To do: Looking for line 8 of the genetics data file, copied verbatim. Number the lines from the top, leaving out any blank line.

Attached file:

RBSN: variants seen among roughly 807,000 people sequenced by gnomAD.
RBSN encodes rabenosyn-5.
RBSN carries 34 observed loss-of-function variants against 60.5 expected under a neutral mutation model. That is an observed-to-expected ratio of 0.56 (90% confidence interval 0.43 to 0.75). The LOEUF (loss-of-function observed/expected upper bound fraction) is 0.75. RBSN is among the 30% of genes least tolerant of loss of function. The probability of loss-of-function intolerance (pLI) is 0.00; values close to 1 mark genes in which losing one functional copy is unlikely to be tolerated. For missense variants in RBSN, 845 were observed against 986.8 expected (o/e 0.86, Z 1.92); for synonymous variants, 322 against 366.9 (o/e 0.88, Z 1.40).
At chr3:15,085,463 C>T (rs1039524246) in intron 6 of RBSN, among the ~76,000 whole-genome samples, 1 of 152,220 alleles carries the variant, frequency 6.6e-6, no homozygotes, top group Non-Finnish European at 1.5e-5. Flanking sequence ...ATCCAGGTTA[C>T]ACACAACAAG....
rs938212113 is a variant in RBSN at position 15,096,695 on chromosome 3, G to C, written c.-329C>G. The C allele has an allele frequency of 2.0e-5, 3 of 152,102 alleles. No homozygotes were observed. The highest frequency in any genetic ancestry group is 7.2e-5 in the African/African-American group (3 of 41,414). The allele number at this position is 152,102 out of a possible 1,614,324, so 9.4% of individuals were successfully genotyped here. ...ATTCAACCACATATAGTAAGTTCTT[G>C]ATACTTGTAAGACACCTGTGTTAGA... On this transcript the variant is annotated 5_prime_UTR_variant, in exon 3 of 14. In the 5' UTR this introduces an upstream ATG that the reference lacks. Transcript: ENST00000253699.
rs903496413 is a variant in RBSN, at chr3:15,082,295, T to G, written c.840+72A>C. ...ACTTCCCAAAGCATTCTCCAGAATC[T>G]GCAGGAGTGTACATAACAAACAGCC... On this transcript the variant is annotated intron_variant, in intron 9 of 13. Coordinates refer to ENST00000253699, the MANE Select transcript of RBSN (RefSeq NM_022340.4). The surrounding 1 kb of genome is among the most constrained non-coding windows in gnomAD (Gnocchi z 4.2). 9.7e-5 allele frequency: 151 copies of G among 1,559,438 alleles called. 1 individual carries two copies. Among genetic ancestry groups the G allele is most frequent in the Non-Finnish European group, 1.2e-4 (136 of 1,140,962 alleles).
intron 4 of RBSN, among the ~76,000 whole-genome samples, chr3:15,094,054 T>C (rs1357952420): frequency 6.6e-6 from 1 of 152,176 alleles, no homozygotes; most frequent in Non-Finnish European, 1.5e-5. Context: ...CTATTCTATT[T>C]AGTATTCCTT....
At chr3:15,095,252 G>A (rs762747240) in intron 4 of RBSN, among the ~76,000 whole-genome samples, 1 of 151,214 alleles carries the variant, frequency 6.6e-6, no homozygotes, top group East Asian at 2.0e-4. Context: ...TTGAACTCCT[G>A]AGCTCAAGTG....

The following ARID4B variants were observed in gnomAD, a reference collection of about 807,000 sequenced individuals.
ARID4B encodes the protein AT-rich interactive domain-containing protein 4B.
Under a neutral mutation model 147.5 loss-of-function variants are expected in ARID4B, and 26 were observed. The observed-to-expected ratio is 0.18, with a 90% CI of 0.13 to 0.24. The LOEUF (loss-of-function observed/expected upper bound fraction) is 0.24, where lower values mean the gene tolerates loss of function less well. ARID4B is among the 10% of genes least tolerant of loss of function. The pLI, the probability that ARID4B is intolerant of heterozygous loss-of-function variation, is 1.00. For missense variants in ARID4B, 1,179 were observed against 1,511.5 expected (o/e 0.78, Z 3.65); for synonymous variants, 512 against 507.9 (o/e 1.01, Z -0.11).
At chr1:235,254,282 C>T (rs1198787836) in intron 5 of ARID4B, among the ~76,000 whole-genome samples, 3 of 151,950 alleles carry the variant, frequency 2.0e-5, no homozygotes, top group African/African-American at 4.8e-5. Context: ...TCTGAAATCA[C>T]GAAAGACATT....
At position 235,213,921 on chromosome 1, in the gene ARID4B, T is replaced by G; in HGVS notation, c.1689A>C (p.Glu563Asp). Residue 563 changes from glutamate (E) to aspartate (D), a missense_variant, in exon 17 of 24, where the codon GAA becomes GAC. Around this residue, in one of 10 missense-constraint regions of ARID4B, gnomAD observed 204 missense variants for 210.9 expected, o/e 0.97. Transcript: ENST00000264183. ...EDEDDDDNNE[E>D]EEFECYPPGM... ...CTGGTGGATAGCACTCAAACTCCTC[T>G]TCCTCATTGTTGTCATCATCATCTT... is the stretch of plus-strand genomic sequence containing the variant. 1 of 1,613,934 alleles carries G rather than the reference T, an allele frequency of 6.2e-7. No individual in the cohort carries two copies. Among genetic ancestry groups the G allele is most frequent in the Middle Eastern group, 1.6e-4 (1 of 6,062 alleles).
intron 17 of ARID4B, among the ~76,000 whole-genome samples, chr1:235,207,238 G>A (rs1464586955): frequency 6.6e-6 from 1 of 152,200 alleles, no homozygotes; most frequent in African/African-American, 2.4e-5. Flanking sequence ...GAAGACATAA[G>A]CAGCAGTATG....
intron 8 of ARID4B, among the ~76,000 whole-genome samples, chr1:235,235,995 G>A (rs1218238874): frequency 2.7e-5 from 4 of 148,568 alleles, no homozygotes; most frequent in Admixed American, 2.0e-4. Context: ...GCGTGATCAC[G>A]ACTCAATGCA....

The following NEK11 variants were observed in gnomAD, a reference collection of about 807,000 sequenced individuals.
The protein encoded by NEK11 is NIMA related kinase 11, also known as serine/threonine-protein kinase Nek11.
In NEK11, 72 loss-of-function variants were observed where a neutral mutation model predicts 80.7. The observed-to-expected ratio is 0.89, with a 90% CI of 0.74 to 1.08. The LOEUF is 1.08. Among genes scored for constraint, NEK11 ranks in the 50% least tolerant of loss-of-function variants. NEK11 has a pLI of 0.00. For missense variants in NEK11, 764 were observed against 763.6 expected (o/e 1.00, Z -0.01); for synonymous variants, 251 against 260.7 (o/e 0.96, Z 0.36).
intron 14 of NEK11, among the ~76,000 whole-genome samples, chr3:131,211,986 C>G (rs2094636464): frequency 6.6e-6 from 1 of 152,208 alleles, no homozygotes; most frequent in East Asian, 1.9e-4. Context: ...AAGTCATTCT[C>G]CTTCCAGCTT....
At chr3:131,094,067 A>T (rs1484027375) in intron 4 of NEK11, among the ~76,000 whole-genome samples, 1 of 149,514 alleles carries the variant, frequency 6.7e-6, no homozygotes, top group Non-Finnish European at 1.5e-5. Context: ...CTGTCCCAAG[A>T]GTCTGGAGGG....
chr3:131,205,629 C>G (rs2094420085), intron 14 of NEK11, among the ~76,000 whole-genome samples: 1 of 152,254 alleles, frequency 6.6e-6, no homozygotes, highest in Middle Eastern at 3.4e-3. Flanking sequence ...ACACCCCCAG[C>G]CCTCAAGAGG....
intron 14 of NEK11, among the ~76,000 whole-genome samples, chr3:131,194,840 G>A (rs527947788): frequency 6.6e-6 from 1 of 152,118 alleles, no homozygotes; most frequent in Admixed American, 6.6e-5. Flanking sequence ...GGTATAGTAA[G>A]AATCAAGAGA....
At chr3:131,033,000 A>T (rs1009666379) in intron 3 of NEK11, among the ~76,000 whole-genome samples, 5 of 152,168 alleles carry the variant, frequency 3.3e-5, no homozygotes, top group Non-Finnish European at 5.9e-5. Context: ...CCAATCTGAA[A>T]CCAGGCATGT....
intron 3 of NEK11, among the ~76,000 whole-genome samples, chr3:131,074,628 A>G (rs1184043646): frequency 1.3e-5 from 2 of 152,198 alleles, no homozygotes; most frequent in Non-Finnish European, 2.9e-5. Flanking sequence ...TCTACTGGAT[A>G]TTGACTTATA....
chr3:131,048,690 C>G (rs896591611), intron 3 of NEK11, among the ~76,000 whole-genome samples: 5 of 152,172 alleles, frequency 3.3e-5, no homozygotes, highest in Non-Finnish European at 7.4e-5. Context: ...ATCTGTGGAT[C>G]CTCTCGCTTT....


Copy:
At chr3:15,095,252 G>A (rs762747240) in intron 4 of RBSN, among the ~76,000 whole-genome samples, 1 of 151,214 alleles carries the variant, frequency 6.6e-6, no homozygotes, top group East Asian at 2.0e-4. Context: ...TTGAACTCCT[G>A]AGCTCAAGTG....